Stingless bees often associate with termites, while association with ants is uncommon due to the high costs related to the aggressiveness of ants. Few combative genera of stingless bees can associate with a larger number of hosts, including ants. Here, we describe for the first time the association between a stingless bee (Partamona testacea) and the aggressive predator bullet ant (Paraponera clavata). In the study area, the colonies of P. testacea we spotted were all associated with P. clavata or Atta sp. ants. COI mitochondrial gene sequences of bees associated with bullet ants and leafcutter ants did not show any divergence, thus revealing no evidence that the two nesting strategies represent a case of cryptic speciation and specialisation on specific hosts. Bees are not unarmed respect to the bullet ants; when ants attempted to penetrate in the colony entrance, they were dragged inside the nest and covered by a resin-like substance. Behavioural experiments focused on ants in arenas and focused on bees at their nest entrance proved that the ants are significantly less aggressive toward associated bees and that guard bees are less alarmed when associated ants are presented. We verified by Gas Chromatography and Mass Spectrometry that P. testacea maintains its species-specific cuticular signature in the association with different ant species and that ants and bees possess typical colony signatures. The differential behavioural responses expressed toward associated colony members by both species are likely based on learning these heterospecific cuticular signatures as it occurs in ant parabiotic associations.

Two aggressive neighbours living peacefully: the nesting association between a stingless bee and the bullet ant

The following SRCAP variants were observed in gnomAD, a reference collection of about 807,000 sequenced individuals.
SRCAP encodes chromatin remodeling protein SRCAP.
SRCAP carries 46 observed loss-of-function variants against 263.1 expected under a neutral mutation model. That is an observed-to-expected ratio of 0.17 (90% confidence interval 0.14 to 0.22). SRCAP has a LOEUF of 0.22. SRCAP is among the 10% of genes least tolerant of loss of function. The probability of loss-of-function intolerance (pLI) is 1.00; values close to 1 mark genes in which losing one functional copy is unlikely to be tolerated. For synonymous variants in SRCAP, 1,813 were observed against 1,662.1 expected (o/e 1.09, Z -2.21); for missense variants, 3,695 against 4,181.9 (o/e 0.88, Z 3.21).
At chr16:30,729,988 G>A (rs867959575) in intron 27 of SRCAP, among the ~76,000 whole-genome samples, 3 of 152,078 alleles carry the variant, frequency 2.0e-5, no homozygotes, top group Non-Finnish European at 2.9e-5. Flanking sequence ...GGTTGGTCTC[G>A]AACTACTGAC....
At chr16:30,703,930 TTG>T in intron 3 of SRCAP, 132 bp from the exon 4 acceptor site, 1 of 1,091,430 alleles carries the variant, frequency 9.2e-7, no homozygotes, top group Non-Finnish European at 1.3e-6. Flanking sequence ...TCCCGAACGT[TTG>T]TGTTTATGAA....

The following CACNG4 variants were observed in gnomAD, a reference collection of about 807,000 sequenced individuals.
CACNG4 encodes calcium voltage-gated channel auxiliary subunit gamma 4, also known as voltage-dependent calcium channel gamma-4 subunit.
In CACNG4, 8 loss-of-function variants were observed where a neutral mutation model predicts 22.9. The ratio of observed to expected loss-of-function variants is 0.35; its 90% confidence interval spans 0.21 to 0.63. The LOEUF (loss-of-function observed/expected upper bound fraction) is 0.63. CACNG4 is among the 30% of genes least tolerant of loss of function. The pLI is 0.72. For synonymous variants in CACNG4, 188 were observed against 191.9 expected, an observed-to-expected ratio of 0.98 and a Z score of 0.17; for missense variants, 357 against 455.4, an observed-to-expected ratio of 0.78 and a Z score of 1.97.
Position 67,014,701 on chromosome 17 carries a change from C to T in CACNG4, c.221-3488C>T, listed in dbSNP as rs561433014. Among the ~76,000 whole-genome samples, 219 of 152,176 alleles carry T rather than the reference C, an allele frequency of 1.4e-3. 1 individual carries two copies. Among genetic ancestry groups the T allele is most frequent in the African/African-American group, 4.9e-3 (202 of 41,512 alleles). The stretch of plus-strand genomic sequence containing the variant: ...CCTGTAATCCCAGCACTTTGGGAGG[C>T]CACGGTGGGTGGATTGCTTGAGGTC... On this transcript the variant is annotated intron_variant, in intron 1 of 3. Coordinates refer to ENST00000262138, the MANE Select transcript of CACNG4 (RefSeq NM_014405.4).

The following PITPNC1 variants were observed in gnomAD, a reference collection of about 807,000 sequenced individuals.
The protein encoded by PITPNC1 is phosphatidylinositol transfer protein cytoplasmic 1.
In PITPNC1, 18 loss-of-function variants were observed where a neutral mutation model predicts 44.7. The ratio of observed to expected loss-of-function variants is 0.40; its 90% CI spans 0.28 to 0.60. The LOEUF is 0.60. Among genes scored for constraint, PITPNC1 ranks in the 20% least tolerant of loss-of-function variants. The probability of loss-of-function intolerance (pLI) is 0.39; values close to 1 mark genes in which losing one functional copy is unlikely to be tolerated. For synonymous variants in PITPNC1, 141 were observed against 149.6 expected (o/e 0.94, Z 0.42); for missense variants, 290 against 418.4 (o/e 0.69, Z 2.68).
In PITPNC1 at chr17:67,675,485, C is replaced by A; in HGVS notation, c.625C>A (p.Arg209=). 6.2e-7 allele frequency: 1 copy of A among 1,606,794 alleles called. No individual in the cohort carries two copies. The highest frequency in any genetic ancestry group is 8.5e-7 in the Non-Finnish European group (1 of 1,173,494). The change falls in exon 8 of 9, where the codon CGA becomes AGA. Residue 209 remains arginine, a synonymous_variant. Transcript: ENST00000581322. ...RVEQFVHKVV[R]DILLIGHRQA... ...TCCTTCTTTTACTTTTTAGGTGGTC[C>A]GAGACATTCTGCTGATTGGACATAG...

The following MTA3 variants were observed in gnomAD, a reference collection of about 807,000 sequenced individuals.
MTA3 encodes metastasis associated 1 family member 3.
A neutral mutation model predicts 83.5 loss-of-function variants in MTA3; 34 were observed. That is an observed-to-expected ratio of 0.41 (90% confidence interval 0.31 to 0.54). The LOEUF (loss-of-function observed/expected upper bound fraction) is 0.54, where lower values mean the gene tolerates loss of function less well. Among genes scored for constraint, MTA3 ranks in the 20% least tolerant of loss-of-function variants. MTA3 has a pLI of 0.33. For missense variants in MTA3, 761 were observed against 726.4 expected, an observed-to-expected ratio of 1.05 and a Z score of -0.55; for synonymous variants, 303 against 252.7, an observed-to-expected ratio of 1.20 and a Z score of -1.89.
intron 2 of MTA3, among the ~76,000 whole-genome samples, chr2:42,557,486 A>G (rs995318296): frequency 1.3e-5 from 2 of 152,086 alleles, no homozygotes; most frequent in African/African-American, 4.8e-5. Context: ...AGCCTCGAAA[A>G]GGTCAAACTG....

Forni G.;Luchetti A.;
2020

Abstract

Stingless bees often associate with termites, while association with ants is uncommon due to the high costs related to the aggressiveness of ants. Few combative genera of stingless bees can associate with a larger number of hosts, including ants. Here, we describe for the first time the association between a stingless bee (Partamona testacea) and the aggressive predator bullet ant (Paraponera clavata). In the study area, the colonies of P. testacea we spotted were all associated with P. clavata or Atta sp. ants. COI mitochondrial gene sequences of bees associated with bullet ants and leafcutter ants did not show any divergence, thus revealing no evidence that the two nesting strategies represent a case of cryptic speciation and specialisation on specific hosts. Bees are not unarmed respect to the bullet ants; when ants attempted to penetrate in the colony entrance, they were dragged inside the nest and covered by a resin-like substance. Behavioural experiments focused on ants in arenas and focused on bees at their nest entrance proved that the ants are significantly less aggressive toward associated bees and that guard bees are less alarmed when associated ants are presented. We verified by Gas Chromatography and Mass Spectrometry that P. testacea maintains its species-specific cuticular signature in the association with different ant species and that ants and bees possess typical colony signatures. The differential behavioural responses expressed toward associated colony members by both species are likely based on learning these heterospecific cuticular signatures as it occurs in ant parabiotic associations.
Bordoni A.; Mocilnik G.; Forni G.; Bercigli M.; Giove C.D.V.; Luchetti A.; Turillazzi S.; Dapporto L.; Marconi M.
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Utilizza questo identificativo per citare o creare un link a questo documento: http://hdl.handle.net/11585/759802
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